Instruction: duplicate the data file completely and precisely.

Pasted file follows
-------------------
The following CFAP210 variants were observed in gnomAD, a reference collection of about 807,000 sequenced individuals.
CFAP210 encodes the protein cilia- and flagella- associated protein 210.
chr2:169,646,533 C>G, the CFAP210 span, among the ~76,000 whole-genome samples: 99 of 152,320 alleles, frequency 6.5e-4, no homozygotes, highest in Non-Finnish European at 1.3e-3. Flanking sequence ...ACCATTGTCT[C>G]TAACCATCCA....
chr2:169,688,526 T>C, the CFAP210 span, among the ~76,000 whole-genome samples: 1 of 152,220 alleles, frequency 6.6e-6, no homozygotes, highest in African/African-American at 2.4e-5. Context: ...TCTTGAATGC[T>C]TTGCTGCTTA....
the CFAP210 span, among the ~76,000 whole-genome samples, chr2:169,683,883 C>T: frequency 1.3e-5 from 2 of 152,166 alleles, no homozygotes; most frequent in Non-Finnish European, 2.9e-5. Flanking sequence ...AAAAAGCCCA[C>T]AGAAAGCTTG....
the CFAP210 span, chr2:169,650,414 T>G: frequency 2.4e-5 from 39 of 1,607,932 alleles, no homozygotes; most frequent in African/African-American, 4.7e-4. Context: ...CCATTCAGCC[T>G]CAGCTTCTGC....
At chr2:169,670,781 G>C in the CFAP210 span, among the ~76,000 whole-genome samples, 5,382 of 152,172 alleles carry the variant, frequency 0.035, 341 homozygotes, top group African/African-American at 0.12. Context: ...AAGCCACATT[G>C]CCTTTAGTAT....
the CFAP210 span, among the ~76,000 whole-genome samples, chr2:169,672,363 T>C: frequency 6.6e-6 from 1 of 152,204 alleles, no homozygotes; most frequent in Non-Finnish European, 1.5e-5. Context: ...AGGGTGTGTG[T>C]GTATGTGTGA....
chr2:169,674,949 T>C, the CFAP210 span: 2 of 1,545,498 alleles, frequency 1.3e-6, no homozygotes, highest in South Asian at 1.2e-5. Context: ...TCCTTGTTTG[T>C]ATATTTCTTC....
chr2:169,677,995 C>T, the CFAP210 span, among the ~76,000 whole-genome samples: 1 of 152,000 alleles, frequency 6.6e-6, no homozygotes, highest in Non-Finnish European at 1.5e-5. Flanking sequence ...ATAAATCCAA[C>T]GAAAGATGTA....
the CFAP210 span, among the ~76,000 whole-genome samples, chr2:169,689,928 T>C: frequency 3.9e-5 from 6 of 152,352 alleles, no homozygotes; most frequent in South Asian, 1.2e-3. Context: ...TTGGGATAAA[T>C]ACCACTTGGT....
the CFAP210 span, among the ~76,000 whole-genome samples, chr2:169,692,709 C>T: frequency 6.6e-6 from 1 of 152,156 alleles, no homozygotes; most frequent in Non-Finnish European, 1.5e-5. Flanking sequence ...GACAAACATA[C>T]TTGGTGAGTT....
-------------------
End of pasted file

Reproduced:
The following CFAP210 variants were observed in gnomAD, a reference collection of about 807,000 sequenced individuals.
CFAP210 encodes the protein cilia- and flagella- associated protein 210.
chr2:169,646,533 C>G, the CFAP210 span, among the ~76,000 whole-genome samples: 99 of 152,320 alleles, frequency 6.5e-4, no homozygotes, highest in Non-Finnish European at 1.3e-3. Flanking sequence ...ACCATTGTCT[C>G]TAACCATCCA....
chr2:169,688,526 T>C, the CFAP210 span, among the ~76,000 whole-genome samples: 1 of 152,220 alleles, frequency 6.6e-6, no homozygotes, highest in African/African-American at 2.4e-5. Context: ...TCTTGAATGC[T>C]TTGCTGCTTA....
the CFAP210 span, among the ~76,000 whole-genome samples, chr2:169,683,883 C>T: frequency 1.3e-5 from 2 of 152,166 alleles, no homozygotes; most frequent in Non-Finnish European, 2.9e-5. Flanking sequence ...AAAAAGCCCA[C>T]AGAAAGCTTG....
the CFAP210 span, chr2:169,650,414 T>G: frequency 2.4e-5 from 39 of 1,607,932 alleles, no homozygotes; most frequent in African/African-American, 4.7e-4. Context: ...CCATTCAGCC[T>G]CAGCTTCTGC....
At chr2:169,670,781 G>C in the CFAP210 span, among the ~76,000 whole-genome samples, 5,382 of 152,172 alleles carry the variant, frequency 0.035, 341 homozygotes, top group African/African-American at 0.12. Context: ...AAGCCACATT[G>C]CCTTTAGTAT....
the CFAP210 span, among the ~76,000 whole-genome samples, chr2:169,672,363 T>C: frequency 6.6e-6 from 1 of 152,204 alleles, no homozygotes; most frequent in Non-Finnish European, 1.5e-5. Context: ...AGGGTGTGTG[T>C]GTATGTGTGA....
chr2:169,674,949 T>C, the CFAP210 span: 2 of 1,545,498 alleles, frequency 1.3e-6, no homozygotes, highest in South Asian at 1.2e-5. Context: ...TCCTTGTTTG[T>C]ATATTTCTTC....
chr2:169,677,995 C>T, the CFAP210 span, among the ~76,000 whole-genome samples: 1 of 152,000 alleles, frequency 6.6e-6, no homozygotes, highest in Non-Finnish European at 1.5e-5. Flanking sequence ...ATAAATCCAA[C>T]GAAAGATGTA....
the CFAP210 span, among the ~76,000 whole-genome samples, chr2:169,689,928 T>C: frequency 3.9e-5 from 6 of 152,352 alleles, no homozygotes; most frequent in South Asian, 1.2e-3. Context: ...TTGGGATAAA[T>C]ACCACTTGGT....
the CFAP210 span, among the ~76,000 whole-genome samples, chr2:169,692,709 C>T: frequency 6.6e-6 from 1 of 152,156 alleles, no homozygotes; most frequent in Non-Finnish European, 1.5e-5. Flanking sequence ...GACAAACATA[C>T]TTGGTGAGTT....